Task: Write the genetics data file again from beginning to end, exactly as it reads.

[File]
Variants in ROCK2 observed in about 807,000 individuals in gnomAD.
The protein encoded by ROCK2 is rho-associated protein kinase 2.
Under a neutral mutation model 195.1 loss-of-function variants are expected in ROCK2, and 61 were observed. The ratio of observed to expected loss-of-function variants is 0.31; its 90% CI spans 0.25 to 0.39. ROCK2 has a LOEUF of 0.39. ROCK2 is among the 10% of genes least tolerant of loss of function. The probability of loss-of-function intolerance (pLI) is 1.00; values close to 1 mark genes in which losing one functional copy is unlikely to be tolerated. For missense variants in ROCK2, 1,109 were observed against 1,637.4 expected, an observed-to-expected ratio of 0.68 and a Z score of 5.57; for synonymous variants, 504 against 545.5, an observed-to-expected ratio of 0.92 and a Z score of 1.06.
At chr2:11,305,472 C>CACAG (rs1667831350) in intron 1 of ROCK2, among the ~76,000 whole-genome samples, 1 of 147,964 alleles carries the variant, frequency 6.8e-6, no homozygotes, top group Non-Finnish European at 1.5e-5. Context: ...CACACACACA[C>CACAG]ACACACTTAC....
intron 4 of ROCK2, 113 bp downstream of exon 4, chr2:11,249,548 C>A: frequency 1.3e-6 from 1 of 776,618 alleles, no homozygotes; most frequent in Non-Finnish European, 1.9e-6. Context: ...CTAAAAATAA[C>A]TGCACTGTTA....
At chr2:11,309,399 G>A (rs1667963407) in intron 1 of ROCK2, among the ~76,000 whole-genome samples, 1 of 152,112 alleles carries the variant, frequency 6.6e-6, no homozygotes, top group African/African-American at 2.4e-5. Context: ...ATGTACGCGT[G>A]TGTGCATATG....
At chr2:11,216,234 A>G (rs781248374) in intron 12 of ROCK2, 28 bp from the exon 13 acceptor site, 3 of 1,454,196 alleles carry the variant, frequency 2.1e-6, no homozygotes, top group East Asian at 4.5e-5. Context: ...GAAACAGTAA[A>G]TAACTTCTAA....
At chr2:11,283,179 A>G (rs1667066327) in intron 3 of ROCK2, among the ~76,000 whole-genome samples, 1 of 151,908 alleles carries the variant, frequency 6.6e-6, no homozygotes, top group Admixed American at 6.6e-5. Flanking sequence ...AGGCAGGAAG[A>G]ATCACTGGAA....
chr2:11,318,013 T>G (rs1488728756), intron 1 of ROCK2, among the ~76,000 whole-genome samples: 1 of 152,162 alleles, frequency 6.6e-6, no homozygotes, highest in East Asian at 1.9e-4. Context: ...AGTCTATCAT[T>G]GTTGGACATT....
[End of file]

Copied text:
Variants in ROCK2 observed in about 807,000 individuals in gnomAD.
The protein encoded by ROCK2 is rho-associated protein kinase 2.
Under a neutral mutation model 195.1 loss-of-function variants are expected in ROCK2, and 61 were observed. The ratio of observed to expected loss-of-function variants is 0.31; its 90% CI spans 0.25 to 0.39. ROCK2 has a LOEUF of 0.39. ROCK2 is among the 10% of genes least tolerant of loss of function. The probability of loss-of-function intolerance (pLI) is 1.00; values close to 1 mark genes in which losing one functional copy is unlikely to be tolerated. For missense variants in ROCK2, 1,109 were observed against 1,637.4 expected, an observed-to-expected ratio of 0.68 and a Z score of 5.57; for synonymous variants, 504 against 545.5, an observed-to-expected ratio of 0.92 and a Z score of 1.06.
At chr2:11,305,472 C>CACAG (rs1667831350) in intron 1 of ROCK2, among the ~76,000 whole-genome samples, 1 of 147,964 alleles carries the variant, frequency 6.8e-6, no homozygotes, top group Non-Finnish European at 1.5e-5. Context: ...CACACACACA[C>CACAG]ACACACTTAC....
intron 4 of ROCK2, 113 bp downstream of exon 4, chr2:11,249,548 C>A: frequency 1.3e-6 from 1 of 776,618 alleles, no homozygotes; most frequent in Non-Finnish European, 1.9e-6. Context: ...CTAAAAATAA[C>A]TGCACTGTTA....
At chr2:11,309,399 G>A (rs1667963407) in intron 1 of ROCK2, among the ~76,000 whole-genome samples, 1 of 152,112 alleles carries the variant, frequency 6.6e-6, no homozygotes, top group African/African-American at 2.4e-5. Context: ...ATGTACGCGT[G>A]TGTGCATATG....
At chr2:11,216,234 A>G (rs781248374) in intron 12 of ROCK2, 28 bp from the exon 13 acceptor site, 3 of 1,454,196 alleles carry the variant, frequency 2.1e-6, no homozygotes, top group East Asian at 4.5e-5. Context: ...GAAACAGTAA[A>G]TAACTTCTAA....
At chr2:11,283,179 A>G (rs1667066327) in intron 3 of ROCK2, among the ~76,000 whole-genome samples, 1 of 151,908 alleles carries the variant, frequency 6.6e-6, no homozygotes, top group Admixed American at 6.6e-5. Flanking sequence ...AGGCAGGAAG[A>G]ATCACTGGAA....
chr2:11,318,013 T>G (rs1488728756), intron 1 of ROCK2, among the ~76,000 whole-genome samples: 1 of 152,162 alleles, frequency 6.6e-6, no homozygotes, highest in East Asian at 1.9e-4. Context: ...AGTCTATCAT[T>G]GTTGGACATT....